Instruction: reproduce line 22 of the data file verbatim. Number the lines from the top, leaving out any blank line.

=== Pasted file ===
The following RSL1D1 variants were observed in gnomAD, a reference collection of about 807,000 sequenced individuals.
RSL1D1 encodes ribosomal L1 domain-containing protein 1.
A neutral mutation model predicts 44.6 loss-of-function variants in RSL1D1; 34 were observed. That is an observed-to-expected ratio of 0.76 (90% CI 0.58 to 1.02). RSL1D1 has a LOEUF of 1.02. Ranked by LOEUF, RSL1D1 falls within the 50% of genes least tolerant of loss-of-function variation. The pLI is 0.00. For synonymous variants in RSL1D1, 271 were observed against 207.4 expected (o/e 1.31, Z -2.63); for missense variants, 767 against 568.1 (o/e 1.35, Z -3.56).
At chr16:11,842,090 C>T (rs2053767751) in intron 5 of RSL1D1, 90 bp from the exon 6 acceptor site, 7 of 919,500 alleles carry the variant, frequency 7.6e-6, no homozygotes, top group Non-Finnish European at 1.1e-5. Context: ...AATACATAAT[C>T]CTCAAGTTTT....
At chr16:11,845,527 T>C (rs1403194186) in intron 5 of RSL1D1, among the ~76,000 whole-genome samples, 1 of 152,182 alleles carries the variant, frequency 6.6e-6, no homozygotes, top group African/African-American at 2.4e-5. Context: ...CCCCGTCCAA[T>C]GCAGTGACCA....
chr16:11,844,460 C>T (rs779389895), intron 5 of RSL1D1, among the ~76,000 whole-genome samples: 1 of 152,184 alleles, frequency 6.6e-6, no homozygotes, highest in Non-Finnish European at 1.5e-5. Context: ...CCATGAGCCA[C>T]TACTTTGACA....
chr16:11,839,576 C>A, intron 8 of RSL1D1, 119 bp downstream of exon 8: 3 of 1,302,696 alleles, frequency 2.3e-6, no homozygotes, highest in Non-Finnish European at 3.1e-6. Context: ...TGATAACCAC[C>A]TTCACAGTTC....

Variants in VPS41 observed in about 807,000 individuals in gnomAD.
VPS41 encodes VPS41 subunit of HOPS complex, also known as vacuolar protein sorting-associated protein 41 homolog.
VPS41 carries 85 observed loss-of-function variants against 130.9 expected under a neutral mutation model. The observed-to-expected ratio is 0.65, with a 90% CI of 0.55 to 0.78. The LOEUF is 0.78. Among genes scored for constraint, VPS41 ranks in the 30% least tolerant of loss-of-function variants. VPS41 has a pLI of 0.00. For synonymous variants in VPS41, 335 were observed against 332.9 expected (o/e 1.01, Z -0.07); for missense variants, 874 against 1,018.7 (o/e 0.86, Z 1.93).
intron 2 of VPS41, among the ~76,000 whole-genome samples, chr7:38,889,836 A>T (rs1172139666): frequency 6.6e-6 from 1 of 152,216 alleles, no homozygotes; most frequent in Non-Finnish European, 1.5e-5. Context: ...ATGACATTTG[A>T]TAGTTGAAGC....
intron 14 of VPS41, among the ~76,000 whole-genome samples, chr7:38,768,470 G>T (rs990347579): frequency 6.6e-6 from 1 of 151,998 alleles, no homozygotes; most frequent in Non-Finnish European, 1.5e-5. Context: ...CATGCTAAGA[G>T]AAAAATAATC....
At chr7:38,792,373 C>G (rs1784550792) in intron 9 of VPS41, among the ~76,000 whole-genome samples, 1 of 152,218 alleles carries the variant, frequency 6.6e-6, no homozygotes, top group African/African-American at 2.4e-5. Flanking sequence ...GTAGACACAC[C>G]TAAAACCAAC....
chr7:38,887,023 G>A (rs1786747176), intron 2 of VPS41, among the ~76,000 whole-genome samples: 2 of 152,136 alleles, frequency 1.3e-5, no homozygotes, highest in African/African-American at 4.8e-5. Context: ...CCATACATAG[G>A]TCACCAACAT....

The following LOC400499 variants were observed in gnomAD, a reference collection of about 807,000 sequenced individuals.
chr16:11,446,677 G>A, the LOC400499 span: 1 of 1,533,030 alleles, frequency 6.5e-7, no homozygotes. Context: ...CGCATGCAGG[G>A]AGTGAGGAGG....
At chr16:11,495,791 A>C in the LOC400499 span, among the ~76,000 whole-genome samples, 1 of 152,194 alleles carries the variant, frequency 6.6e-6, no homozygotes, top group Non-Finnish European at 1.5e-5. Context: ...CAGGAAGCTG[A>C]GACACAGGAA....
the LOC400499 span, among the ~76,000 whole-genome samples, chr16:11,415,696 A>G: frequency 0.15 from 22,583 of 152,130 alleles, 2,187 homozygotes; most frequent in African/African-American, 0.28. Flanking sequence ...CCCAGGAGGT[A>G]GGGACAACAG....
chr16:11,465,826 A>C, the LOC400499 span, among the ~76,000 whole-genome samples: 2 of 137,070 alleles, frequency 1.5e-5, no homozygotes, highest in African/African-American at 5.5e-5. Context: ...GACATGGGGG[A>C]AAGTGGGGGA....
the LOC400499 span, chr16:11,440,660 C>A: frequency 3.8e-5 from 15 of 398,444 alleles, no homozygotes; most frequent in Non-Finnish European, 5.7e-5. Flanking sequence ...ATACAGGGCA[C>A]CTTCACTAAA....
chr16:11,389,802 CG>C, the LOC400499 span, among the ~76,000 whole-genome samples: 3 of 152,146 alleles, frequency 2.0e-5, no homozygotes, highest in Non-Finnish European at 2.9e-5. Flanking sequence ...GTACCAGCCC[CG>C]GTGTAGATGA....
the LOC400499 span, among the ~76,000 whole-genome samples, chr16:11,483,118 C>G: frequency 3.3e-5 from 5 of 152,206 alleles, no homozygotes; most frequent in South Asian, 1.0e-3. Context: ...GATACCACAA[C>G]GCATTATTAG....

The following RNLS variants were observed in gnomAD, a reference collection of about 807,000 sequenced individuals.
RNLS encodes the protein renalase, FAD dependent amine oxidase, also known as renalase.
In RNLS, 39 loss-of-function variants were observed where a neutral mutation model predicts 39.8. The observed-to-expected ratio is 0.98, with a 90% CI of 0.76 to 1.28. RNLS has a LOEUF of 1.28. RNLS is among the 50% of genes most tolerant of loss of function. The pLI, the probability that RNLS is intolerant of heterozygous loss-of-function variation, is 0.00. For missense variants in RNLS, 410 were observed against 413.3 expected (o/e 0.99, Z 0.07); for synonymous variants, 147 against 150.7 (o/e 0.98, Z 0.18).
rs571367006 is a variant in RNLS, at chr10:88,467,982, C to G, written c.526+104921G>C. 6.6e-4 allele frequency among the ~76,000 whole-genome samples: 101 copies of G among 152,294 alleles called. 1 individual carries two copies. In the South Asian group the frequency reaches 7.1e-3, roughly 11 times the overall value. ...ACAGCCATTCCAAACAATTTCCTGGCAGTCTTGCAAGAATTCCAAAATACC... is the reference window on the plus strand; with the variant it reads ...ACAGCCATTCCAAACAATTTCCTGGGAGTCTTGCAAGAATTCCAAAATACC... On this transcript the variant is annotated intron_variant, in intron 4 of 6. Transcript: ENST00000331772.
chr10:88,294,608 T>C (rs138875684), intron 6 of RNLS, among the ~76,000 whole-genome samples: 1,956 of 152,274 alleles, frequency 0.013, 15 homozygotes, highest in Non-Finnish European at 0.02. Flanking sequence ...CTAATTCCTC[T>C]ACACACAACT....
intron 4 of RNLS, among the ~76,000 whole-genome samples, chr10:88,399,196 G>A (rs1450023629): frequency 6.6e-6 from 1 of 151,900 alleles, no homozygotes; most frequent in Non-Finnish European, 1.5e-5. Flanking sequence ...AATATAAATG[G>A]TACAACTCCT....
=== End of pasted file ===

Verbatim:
the LOC400499 span, among the ~76,000 whole-genome samples, chr16:11,483,118 C>G: frequency 3.3e-5 from 5 of 152,206 alleles, no homozygotes; most frequent in South Asian, 1.0e-3. Context: ...GATACCACAA[C>G]GCATTATTAG....